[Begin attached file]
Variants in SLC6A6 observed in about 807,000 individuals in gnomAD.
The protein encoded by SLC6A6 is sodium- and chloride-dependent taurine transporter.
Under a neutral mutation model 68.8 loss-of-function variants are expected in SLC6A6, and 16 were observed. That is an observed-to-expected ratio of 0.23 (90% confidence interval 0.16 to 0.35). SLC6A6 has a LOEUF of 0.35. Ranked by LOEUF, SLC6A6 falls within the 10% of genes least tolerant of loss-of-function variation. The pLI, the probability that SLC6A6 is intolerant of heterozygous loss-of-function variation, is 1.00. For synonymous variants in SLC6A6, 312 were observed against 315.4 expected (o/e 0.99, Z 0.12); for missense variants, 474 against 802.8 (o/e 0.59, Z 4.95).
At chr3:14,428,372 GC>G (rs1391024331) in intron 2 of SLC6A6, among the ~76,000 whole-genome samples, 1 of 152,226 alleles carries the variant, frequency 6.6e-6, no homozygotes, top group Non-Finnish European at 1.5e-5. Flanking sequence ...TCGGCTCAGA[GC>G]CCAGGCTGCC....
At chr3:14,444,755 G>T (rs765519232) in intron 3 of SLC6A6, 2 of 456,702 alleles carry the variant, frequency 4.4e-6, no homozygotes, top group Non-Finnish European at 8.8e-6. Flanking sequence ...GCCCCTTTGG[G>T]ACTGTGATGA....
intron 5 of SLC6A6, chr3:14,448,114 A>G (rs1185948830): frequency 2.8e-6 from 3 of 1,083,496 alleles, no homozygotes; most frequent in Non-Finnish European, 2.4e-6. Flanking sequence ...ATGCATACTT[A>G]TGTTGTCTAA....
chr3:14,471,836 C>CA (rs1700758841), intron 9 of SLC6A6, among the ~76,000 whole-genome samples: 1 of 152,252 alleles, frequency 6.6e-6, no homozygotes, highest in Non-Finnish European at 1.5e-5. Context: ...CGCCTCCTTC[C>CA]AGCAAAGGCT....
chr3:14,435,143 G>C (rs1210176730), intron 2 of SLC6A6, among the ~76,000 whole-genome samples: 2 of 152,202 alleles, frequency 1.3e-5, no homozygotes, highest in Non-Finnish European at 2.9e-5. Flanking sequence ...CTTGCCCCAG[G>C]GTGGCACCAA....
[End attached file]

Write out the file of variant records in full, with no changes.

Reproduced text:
Variants in SLC6A6 observed in about 807,000 individuals in gnomAD.
The protein encoded by SLC6A6 is sodium- and chloride-dependent taurine transporter.
Under a neutral mutation model 68.8 loss-of-function variants are expected in SLC6A6, and 16 were observed. That is an observed-to-expected ratio of 0.23 (90% confidence interval 0.16 to 0.35). SLC6A6 has a LOEUF of 0.35. Ranked by LOEUF, SLC6A6 falls within the 10% of genes least tolerant of loss-of-function variation. The pLI, the probability that SLC6A6 is intolerant of heterozygous loss-of-function variation, is 1.00. For synonymous variants in SLC6A6, 312 were observed against 315.4 expected (o/e 0.99, Z 0.12); for missense variants, 474 against 802.8 (o/e 0.59, Z 4.95).
At chr3:14,428,372 GC>G (rs1391024331) in intron 2 of SLC6A6, among the ~76,000 whole-genome samples, 1 of 152,226 alleles carries the variant, frequency 6.6e-6, no homozygotes, top group Non-Finnish European at 1.5e-5. Flanking sequence ...TCGGCTCAGA[GC>G]CCAGGCTGCC....
At chr3:14,444,755 G>T (rs765519232) in intron 3 of SLC6A6, 2 of 456,702 alleles carry the variant, frequency 4.4e-6, no homozygotes, top group Non-Finnish European at 8.8e-6. Flanking sequence ...GCCCCTTTGG[G>T]ACTGTGATGA....
intron 5 of SLC6A6, chr3:14,448,114 A>G (rs1185948830): frequency 2.8e-6 from 3 of 1,083,496 alleles, no homozygotes; most frequent in Non-Finnish European, 2.4e-6. Flanking sequence ...ATGCATACTT[A>G]TGTTGTCTAA....
chr3:14,471,836 C>CA (rs1700758841), intron 9 of SLC6A6, among the ~76,000 whole-genome samples: 1 of 152,252 alleles, frequency 6.6e-6, no homozygotes, highest in Non-Finnish European at 1.5e-5. Context: ...CGCCTCCTTC[C>CA]AGCAAAGGCT....
chr3:14,435,143 G>C (rs1210176730), intron 2 of SLC6A6, among the ~76,000 whole-genome samples: 2 of 152,202 alleles, frequency 1.3e-5, no homozygotes, highest in Non-Finnish European at 2.9e-5. Flanking sequence ...CTTGCCCCAG[G>C]GTGGCACCAA....